Typically sugars, starches, and fibers found in many foods. They are classified as simple or complex depending on the chemical structure.
- One example is cellulose. It is a more complex carbohydrate that is abundant in food, giving celery its crunch and lettuce crispness.
- Cellulose provides bulk against which the muscular wall of the digestive system can push, facilitating food.
Organic compounds that include fats, oils, and fat like substances. They supply energy for cellular processes and build cell membranes. Their main function is to supply energy and supply flavor to food.
- Saturated fats- found mainly in food of animal origin. Excess saturated fat is a risk of cardiovascular disease.
- Unsaturated Fats- found in seeds, nuts, and oils.
- Monounsaturated fats- found in olive, peanut, and canola oils.
- Cholesterol- Abundant in liver and egg yolks. Found in lesser content in whole milk, butter, cheese, and meats. Not found in foods of plant origin.
Polymers of amino acids with a wide variety of funcitons
Foods rich in proteins include: Meats, Fish, Poultry, Cheese, Nuts, Eggs, and Cereals.
- Control metabolic rates, clotting factors, the keratin of the skin and hair, elastin and collagen of connective tissues, muscle components actin and myosin, and the antibodies to fight infections.
- Supply energy after digestion that breaks them down to amino acids.
- The liberated amino acids are transported to the liver and undergo deamination, losing their nitrogen containing portions that are excreted in urine.
- Most people should consume about 60-150 grams of proteins a day.
Organic compounds other than carbs, lipids, and proteins that are required in small amounts for normal metabolism.
Vitamins are classified on the basis of solubility.
Fat Solubles include vitamins A, D, E, and K; Water Solubles are vitamins B and C.
Vitamin B: several commands that are essential for normal cellular metabolisms. Help oxidize carbohydrates, lipids, and proteins. Cooking and food processing destroy most of them.
Vitamin C: One of the least stable vitamins, it is needed for collagen production and the metabolism of certain amino acids. It promotes iron absorption. Found in guava, red and green peppers, kiwi, and brussels sprouts.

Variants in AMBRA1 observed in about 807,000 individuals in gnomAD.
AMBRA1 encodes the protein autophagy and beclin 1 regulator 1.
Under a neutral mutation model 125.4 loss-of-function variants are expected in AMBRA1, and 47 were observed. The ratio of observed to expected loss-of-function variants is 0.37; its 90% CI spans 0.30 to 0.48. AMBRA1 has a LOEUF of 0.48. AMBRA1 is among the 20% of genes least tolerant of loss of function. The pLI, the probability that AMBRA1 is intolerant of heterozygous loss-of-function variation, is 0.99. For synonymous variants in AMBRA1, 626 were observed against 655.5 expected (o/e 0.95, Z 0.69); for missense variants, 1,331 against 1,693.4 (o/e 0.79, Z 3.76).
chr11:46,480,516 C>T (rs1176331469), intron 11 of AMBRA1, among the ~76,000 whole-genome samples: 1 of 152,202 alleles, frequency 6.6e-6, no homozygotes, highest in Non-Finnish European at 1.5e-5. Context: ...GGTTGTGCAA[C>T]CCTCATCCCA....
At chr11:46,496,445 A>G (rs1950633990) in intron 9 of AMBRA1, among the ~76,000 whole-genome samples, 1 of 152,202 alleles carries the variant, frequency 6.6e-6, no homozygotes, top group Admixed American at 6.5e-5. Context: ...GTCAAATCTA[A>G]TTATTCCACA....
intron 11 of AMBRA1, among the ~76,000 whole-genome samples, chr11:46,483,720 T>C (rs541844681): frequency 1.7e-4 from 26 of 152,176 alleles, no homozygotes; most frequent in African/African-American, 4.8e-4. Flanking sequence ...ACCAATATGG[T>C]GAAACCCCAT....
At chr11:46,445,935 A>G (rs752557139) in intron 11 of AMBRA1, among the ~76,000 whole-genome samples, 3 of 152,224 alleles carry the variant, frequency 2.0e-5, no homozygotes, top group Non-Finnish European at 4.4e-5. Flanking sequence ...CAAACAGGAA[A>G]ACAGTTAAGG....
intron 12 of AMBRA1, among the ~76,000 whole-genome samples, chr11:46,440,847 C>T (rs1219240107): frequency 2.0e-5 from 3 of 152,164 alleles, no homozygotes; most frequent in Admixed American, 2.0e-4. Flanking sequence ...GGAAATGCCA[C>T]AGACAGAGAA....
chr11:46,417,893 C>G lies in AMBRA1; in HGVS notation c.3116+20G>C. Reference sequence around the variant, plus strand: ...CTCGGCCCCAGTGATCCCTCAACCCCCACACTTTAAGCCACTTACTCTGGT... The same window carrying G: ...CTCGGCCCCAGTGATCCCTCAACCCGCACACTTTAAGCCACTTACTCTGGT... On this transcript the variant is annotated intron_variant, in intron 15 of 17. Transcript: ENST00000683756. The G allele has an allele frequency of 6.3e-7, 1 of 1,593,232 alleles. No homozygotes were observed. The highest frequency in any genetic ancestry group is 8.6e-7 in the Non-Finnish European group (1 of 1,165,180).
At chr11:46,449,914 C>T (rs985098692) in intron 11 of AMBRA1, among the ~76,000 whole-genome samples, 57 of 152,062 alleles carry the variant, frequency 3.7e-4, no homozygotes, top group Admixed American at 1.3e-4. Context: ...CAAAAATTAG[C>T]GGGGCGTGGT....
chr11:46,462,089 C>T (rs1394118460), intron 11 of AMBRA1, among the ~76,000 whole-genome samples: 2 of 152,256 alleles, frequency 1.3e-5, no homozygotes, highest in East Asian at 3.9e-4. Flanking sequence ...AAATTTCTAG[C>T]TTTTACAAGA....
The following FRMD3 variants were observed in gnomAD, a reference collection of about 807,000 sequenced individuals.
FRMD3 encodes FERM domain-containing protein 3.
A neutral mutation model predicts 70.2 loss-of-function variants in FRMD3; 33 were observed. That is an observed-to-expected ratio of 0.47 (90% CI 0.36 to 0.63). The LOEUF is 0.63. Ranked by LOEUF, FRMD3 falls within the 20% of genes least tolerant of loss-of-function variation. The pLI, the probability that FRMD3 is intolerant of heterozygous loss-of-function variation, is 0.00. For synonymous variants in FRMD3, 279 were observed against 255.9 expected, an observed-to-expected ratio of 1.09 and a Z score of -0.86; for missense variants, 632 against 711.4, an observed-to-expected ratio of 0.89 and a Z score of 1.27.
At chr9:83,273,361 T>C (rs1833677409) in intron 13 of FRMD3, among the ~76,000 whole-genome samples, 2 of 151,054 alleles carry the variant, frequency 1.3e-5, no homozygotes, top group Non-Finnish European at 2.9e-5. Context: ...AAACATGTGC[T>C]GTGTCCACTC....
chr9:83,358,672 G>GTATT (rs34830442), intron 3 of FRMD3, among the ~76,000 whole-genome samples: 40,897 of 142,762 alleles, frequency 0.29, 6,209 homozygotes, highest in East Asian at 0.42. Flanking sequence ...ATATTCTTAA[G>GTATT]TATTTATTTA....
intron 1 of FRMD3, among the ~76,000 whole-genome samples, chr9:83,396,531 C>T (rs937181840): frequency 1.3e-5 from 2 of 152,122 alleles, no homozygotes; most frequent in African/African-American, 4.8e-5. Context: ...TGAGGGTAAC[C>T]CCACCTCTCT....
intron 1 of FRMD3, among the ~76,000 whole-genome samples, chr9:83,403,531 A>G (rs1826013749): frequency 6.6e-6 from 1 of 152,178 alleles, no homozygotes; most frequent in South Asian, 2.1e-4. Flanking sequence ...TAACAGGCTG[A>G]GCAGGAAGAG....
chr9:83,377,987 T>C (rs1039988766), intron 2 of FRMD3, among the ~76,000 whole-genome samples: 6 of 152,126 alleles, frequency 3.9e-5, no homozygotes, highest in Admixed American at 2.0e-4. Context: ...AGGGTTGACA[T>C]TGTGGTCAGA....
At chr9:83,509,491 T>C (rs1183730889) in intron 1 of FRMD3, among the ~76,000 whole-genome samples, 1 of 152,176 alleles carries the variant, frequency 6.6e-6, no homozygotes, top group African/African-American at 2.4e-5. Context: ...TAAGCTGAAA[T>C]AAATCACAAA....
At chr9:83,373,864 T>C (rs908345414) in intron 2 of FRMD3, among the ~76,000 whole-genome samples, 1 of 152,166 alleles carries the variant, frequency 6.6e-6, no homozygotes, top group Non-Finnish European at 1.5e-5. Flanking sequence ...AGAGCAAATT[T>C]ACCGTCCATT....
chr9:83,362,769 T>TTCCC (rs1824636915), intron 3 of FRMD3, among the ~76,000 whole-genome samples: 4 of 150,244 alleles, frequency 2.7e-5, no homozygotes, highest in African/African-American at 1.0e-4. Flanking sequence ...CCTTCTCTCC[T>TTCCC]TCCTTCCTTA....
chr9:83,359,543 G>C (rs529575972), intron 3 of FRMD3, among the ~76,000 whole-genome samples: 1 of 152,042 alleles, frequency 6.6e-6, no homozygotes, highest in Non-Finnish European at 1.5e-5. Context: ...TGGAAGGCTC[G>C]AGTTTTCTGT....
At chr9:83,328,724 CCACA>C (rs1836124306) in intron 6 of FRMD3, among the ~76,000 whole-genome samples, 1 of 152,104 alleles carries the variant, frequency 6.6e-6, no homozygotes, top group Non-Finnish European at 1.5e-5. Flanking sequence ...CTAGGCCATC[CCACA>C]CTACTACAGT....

Vitamin A: Promotes healthy eyes, teeth, skin, general cell growth, and development. Found in carrots and other orange foods including sweet potatoes and cantaloupe melons.
Vitamin D: A group of steroids resistant to heat stored in the liver, skin, spleen, and bones. Necessary for strong bones. Besides spending a few minutes in the sun, you can get this vitamin from eggs, fish, ad mushrooms.
Vitamin E: Stored in muscles and adipose tissues, contributes in blood circulation, and protection from free radicals. The best vitamin rich food are almonds.
Vitamin K: Occurs in several forms and is essential for preventing blood clots. Leafy greens are the best resource of this vitamin.
Folic Acid: Important vitamin for preventing birth defects during pregnancy. Found in dark leafy greens, citrus fruits, and beans.
Calcium: Structure of bones and teeth and is essential for nerve impulse conduction. The best sources are dairy products, tofu, and black molasses.
Iron: Primarily found in blood and is incorporated into a number of enzymes. Found in red meat, pork, and poultry.
Zinc: Enzymes involved in digestion. It also contributes to healing wounds and maintaining skin integrity. Seafoods like oysters are zinc rich, along with spinach, cashews, beans and dark chocolate.
Chromium: Widely distributed and essential for use of carbohydrates. If you have a balanced diet you should be getting enough chromium.
Enzymes: Complex proteins that assist in or enable chemical reactions to occur. Thousands of different enzymes are produced by your body.
Magnesium: Maintains muscle and nerve function, keeps heart rhythm steady, and keeps bones strong. Foods with high amounts of magnesium include almonds, cashews, and green vegetables.